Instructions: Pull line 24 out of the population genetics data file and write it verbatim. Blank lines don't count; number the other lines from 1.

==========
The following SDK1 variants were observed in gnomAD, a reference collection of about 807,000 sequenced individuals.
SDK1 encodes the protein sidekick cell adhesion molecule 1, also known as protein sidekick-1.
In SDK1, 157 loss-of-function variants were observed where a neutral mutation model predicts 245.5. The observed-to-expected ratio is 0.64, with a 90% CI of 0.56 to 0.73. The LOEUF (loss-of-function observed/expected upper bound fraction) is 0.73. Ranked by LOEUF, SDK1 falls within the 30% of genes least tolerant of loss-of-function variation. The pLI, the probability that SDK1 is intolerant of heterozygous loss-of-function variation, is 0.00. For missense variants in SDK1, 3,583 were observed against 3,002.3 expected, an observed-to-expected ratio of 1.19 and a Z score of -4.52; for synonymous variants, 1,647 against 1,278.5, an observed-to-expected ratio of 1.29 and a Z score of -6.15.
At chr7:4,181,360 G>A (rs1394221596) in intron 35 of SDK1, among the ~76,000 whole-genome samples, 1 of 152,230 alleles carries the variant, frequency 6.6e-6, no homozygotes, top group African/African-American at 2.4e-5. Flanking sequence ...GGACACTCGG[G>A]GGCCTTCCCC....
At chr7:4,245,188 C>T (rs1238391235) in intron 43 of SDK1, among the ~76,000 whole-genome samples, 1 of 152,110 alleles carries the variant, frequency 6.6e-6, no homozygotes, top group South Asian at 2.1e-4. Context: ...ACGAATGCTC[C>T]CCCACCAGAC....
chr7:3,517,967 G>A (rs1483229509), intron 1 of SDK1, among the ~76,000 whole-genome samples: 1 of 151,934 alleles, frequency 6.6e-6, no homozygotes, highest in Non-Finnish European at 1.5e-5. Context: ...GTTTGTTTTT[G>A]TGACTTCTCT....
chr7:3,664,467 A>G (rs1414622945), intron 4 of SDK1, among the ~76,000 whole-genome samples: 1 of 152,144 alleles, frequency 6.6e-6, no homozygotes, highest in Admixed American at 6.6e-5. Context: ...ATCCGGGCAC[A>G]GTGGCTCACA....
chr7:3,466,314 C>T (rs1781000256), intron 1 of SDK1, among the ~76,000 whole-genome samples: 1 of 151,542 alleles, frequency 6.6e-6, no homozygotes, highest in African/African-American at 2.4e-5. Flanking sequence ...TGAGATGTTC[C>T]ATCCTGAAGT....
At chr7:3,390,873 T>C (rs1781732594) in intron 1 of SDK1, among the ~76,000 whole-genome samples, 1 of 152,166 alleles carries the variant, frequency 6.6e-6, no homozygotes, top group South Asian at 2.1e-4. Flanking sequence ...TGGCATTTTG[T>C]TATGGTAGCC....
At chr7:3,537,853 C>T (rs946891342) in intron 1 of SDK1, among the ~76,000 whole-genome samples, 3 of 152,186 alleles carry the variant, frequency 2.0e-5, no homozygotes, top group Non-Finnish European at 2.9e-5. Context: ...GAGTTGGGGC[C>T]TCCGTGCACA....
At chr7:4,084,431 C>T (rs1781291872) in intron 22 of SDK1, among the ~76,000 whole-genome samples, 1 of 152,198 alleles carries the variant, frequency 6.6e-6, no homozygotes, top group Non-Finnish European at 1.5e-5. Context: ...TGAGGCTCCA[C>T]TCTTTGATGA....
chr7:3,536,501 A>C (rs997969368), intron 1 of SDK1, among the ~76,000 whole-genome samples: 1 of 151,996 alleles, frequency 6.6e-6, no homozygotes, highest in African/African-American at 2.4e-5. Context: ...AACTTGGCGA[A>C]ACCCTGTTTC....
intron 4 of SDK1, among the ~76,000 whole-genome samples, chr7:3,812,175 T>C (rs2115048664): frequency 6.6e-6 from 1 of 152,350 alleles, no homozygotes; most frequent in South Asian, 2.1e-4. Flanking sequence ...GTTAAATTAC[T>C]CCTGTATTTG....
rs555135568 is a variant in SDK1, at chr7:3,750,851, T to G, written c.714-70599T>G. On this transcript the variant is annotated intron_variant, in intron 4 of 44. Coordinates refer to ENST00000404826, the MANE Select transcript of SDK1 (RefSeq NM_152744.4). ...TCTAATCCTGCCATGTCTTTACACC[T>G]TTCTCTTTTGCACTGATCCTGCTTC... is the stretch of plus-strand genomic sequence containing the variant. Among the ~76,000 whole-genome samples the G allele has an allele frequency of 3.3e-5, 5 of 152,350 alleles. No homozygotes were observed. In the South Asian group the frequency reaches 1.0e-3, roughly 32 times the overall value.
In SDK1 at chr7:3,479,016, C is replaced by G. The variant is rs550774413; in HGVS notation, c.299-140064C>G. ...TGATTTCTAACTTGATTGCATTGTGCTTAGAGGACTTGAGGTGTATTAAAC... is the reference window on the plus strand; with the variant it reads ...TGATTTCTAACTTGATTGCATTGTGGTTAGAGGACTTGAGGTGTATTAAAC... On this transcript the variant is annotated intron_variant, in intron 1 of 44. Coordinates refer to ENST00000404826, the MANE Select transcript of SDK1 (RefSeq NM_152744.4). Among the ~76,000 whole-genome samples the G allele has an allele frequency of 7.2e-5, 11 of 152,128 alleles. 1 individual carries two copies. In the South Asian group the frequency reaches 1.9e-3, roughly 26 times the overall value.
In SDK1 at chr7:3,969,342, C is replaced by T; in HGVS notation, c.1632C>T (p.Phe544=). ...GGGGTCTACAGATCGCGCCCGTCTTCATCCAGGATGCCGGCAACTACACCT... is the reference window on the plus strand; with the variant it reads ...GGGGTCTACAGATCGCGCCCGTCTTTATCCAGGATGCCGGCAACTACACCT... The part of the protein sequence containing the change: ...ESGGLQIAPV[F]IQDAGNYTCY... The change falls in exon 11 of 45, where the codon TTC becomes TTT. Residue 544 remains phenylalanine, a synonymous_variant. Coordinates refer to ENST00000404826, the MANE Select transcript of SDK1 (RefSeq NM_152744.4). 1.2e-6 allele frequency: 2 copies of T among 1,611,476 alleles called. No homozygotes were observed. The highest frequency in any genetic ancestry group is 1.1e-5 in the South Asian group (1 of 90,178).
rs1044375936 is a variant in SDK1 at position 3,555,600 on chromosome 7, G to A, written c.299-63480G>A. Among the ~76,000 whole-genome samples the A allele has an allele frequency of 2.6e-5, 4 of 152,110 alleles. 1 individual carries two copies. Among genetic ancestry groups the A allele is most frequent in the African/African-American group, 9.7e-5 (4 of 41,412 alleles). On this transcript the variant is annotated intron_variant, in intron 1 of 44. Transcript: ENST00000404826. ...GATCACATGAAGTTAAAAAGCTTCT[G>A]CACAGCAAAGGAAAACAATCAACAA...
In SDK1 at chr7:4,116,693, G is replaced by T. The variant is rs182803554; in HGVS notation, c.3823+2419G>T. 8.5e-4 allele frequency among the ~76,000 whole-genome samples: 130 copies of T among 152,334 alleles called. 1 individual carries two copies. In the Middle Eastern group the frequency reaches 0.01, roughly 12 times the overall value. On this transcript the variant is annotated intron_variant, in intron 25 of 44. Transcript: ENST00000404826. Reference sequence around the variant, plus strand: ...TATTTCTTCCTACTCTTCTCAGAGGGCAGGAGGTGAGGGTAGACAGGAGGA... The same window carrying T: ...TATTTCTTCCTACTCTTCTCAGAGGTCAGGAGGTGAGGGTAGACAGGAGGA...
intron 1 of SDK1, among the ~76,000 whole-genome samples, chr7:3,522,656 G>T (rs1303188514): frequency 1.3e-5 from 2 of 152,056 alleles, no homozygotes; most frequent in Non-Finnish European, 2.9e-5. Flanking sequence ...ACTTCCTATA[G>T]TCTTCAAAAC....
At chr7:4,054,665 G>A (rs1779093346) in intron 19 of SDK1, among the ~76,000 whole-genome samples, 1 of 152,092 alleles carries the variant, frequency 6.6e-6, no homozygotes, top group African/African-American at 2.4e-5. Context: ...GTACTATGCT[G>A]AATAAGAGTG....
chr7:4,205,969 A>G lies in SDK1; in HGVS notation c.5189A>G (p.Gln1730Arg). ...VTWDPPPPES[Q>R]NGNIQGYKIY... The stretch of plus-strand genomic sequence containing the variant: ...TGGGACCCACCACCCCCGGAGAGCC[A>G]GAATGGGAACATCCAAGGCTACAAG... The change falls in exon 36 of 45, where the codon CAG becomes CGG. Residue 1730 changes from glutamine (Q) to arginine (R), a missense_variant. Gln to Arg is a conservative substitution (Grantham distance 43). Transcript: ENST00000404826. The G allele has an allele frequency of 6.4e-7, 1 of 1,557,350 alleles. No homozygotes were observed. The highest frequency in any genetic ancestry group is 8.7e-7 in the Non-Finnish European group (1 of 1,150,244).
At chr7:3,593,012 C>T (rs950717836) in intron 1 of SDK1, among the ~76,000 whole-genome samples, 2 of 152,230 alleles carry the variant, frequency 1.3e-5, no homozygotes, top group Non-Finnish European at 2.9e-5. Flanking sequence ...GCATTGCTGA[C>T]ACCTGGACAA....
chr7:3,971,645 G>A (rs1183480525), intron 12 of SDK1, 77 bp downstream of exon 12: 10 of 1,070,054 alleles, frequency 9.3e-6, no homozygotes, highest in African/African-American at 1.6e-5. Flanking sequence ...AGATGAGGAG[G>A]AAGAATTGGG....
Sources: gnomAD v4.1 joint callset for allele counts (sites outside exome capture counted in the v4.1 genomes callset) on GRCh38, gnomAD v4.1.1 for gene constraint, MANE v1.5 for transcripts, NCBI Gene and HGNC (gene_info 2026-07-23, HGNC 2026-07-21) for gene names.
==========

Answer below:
Sources: gnomAD v4.1 joint callset for allele counts (sites outside exome capture counted in the v4.1 genomes callset) on GRCh38, gnomAD v4.1.1 for gene constraint, MANE v1.5 for transcripts, NCBI Gene and HGNC (gene_info 2026-07-23, HGNC 2026-07-21) for gene names.